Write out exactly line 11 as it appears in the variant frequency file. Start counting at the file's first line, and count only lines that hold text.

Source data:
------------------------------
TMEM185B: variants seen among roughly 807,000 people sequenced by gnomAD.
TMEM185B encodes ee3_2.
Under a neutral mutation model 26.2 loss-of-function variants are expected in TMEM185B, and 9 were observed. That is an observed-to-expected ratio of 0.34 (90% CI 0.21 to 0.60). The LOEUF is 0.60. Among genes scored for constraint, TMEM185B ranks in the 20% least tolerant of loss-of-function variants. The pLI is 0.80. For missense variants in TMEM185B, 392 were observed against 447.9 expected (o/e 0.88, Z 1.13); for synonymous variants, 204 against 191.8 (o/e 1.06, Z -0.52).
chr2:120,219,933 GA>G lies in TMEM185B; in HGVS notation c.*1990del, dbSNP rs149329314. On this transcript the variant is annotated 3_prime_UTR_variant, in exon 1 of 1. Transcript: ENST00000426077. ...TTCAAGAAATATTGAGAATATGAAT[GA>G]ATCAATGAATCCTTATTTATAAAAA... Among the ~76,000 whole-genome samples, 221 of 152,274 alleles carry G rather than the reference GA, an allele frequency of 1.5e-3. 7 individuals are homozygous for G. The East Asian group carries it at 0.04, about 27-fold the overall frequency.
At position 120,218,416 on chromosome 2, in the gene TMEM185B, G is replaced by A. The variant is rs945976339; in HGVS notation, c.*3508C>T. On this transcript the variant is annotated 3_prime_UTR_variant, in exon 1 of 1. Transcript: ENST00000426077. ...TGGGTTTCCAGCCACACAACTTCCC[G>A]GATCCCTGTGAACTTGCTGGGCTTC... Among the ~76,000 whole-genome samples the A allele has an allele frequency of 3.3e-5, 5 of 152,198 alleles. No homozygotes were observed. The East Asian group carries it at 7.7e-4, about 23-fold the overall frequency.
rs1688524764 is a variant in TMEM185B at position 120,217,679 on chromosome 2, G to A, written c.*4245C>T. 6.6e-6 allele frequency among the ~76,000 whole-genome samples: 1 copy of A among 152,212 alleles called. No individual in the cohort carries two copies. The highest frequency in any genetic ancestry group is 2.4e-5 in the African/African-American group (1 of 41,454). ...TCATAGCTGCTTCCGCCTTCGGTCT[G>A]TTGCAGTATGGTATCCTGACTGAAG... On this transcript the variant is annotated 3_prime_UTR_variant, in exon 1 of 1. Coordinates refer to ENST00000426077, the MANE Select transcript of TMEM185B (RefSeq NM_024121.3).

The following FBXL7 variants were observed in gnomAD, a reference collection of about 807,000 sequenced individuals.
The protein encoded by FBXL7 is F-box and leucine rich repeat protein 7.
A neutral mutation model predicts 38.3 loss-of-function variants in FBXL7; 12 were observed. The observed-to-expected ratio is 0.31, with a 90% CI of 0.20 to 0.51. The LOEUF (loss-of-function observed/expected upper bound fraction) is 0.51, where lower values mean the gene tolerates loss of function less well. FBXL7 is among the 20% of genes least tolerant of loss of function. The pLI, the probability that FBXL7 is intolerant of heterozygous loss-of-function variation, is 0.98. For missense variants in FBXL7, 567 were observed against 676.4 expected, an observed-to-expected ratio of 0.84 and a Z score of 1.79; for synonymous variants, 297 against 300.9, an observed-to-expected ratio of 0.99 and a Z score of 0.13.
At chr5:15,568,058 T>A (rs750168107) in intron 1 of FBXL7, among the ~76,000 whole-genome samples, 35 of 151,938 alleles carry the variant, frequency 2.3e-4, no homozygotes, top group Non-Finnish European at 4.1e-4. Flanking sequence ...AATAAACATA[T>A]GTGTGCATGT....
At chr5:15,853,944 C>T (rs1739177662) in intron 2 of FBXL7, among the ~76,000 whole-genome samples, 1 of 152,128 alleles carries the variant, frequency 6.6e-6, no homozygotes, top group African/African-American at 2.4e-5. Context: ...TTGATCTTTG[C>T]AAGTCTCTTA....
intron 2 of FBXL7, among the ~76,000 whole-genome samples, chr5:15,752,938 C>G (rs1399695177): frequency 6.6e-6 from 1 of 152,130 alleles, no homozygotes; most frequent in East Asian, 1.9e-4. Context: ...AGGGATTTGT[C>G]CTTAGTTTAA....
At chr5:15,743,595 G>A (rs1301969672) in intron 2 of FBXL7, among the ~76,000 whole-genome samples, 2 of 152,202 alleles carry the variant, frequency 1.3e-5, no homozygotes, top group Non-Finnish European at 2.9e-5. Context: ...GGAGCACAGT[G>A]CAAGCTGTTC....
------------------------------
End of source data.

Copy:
At chr5:15,853,944 C>T (rs1739177662) in intron 2 of FBXL7, among the ~76,000 whole-genome samples, 1 of 152,128 alleles carries the variant, frequency 6.6e-6, no homozygotes, top group African/African-American at 2.4e-5. Context: ...TTGATCTTTG[C>T]AAGTCTCTTA....